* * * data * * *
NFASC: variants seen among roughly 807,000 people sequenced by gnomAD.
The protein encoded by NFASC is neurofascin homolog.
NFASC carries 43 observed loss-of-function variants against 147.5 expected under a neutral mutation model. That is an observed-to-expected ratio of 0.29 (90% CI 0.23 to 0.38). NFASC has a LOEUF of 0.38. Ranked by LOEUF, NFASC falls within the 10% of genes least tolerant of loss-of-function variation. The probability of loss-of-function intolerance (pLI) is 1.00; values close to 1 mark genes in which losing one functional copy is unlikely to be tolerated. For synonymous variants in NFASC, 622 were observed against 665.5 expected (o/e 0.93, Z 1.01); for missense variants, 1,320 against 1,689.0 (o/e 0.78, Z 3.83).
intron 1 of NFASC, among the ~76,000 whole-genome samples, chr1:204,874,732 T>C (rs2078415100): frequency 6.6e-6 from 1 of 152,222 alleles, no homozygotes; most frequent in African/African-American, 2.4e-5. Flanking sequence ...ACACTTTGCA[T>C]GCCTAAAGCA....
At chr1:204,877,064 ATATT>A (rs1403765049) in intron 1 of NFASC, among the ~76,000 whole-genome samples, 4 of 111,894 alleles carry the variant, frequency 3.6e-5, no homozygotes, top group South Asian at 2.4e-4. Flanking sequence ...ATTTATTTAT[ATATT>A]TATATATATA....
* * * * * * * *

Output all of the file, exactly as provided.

NFASC: variants seen among roughly 807,000 people sequenced by gnomAD.
The protein encoded by NFASC is neurofascin homolog.
NFASC carries 43 observed loss-of-function variants against 147.5 expected under a neutral mutation model. That is an observed-to-expected ratio of 0.29 (90% CI 0.23 to 0.38). NFASC has a LOEUF of 0.38. Ranked by LOEUF, NFASC falls within the 10% of genes least tolerant of loss-of-function variation. The probability of loss-of-function intolerance (pLI) is 1.00; values close to 1 mark genes in which losing one functional copy is unlikely to be tolerated. For synonymous variants in NFASC, 622 were observed against 665.5 expected (o/e 0.93, Z 1.01); for missense variants, 1,320 against 1,689.0 (o/e 0.78, Z 3.83).
intron 1 of NFASC, among the ~76,000 whole-genome samples, chr1:204,874,732 T>C (rs2078415100): frequency 6.6e-6 from 1 of 152,222 alleles, no homozygotes; most frequent in African/African-American, 2.4e-5. Flanking sequence ...ACACTTTGCA[T>C]GCCTAAAGCA....
At chr1:204,877,064 ATATT>A (rs1403765049) in intron 1 of NFASC, among the ~76,000 whole-genome samples, 4 of 111,894 alleles carry the variant, frequency 3.6e-5, no homozygotes, top group South Asian at 2.4e-4. Flanking sequence ...ATTTATTTAT[ATATT>A]TATATATATA....